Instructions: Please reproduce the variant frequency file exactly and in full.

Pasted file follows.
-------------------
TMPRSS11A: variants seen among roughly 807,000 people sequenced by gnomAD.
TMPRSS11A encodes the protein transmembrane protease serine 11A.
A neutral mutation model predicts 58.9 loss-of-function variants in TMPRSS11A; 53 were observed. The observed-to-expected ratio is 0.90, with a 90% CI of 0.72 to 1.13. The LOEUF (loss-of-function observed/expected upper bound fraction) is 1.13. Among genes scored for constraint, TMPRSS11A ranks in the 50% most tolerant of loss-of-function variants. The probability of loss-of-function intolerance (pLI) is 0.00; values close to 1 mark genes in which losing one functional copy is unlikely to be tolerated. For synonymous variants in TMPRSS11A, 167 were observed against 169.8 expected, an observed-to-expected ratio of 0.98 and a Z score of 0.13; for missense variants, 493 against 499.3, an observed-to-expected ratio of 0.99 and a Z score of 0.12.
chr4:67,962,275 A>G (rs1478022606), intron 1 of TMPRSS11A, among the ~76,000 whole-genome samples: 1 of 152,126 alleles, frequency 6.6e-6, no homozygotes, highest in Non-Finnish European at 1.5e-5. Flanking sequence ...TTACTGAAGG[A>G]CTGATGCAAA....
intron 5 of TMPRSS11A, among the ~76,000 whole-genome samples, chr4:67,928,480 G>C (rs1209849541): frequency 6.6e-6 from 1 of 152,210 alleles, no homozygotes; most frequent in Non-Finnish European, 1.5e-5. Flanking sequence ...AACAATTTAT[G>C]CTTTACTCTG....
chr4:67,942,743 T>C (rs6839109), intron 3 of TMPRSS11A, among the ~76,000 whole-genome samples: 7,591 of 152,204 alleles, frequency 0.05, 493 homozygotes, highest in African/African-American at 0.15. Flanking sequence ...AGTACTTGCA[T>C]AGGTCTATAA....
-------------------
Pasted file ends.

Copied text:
TMPRSS11A: variants seen among roughly 807,000 people sequenced by gnomAD.
TMPRSS11A encodes the protein transmembrane protease serine 11A.
A neutral mutation model predicts 58.9 loss-of-function variants in TMPRSS11A; 53 were observed. The observed-to-expected ratio is 0.90, with a 90% CI of 0.72 to 1.13. The LOEUF (loss-of-function observed/expected upper bound fraction) is 1.13. Among genes scored for constraint, TMPRSS11A ranks in the 50% most tolerant of loss-of-function variants. The probability of loss-of-function intolerance (pLI) is 0.00; values close to 1 mark genes in which losing one functional copy is unlikely to be tolerated. For synonymous variants in TMPRSS11A, 167 were observed against 169.8 expected, an observed-to-expected ratio of 0.98 and a Z score of 0.13; for missense variants, 493 against 499.3, an observed-to-expected ratio of 0.99 and a Z score of 0.12.
chr4:67,962,275 A>G (rs1478022606), intron 1 of TMPRSS11A, among the ~76,000 whole-genome samples: 1 of 152,126 alleles, frequency 6.6e-6, no homozygotes, highest in Non-Finnish European at 1.5e-5. Flanking sequence ...TTACTGAAGG[A>G]CTGATGCAAA....
intron 5 of TMPRSS11A, among the ~76,000 whole-genome samples, chr4:67,928,480 G>C (rs1209849541): frequency 6.6e-6 from 1 of 152,210 alleles, no homozygotes; most frequent in Non-Finnish European, 1.5e-5. Flanking sequence ...AACAATTTAT[G>C]CTTTACTCTG....
chr4:67,942,743 T>C (rs6839109), intron 3 of TMPRSS11A, among the ~76,000 whole-genome samples: 7,591 of 152,204 alleles, frequency 0.05, 493 homozygotes, highest in African/African-American at 0.15. Flanking sequence ...AGTACTTGCA[T>C]AGGTCTATAA....